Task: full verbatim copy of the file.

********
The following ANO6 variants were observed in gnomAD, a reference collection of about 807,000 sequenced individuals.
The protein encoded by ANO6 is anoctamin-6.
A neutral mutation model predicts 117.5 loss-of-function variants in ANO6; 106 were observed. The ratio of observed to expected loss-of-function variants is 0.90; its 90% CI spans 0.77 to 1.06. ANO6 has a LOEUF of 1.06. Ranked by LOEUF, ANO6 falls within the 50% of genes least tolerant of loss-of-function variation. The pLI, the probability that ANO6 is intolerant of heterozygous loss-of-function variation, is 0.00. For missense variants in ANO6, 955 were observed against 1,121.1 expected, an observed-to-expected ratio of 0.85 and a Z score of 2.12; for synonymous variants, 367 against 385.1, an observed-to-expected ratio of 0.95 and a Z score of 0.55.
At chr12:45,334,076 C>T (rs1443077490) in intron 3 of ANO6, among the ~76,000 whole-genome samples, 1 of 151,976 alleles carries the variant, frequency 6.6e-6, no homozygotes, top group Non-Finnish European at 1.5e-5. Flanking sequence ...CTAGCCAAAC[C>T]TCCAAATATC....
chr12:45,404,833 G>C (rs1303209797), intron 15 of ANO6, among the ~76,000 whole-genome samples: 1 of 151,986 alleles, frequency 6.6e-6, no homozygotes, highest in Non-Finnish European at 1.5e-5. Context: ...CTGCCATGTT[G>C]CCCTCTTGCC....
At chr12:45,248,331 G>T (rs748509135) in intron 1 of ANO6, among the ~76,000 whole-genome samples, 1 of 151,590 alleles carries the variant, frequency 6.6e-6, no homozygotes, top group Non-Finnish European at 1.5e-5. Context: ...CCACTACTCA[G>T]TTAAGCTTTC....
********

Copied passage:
The following ANO6 variants were observed in gnomAD, a reference collection of about 807,000 sequenced individuals.
The protein encoded by ANO6 is anoctamin-6.
A neutral mutation model predicts 117.5 loss-of-function variants in ANO6; 106 were observed. The ratio of observed to expected loss-of-function variants is 0.90; its 90% CI spans 0.77 to 1.06. ANO6 has a LOEUF of 1.06. Ranked by LOEUF, ANO6 falls within the 50% of genes least tolerant of loss-of-function variation. The pLI, the probability that ANO6 is intolerant of heterozygous loss-of-function variation, is 0.00. For missense variants in ANO6, 955 were observed against 1,121.1 expected, an observed-to-expected ratio of 0.85 and a Z score of 2.12; for synonymous variants, 367 against 385.1, an observed-to-expected ratio of 0.95 and a Z score of 0.55.
At chr12:45,334,076 C>T (rs1443077490) in intron 3 of ANO6, among the ~76,000 whole-genome samples, 1 of 151,976 alleles carries the variant, frequency 6.6e-6, no homozygotes, top group Non-Finnish European at 1.5e-5. Flanking sequence ...CTAGCCAAAC[C>T]TCCAAATATC....
chr12:45,404,833 G>C (rs1303209797), intron 15 of ANO6, among the ~76,000 whole-genome samples: 1 of 151,986 alleles, frequency 6.6e-6, no homozygotes, highest in Non-Finnish European at 1.5e-5. Context: ...CTGCCATGTT[G>C]CCCTCTTGCC....
At chr12:45,248,331 G>T (rs748509135) in intron 1 of ANO6, among the ~76,000 whole-genome samples, 1 of 151,590 alleles carries the variant, frequency 6.6e-6, no homozygotes, top group Non-Finnish European at 1.5e-5. Context: ...CCACTACTCA[G>T]TTAAGCTTTC....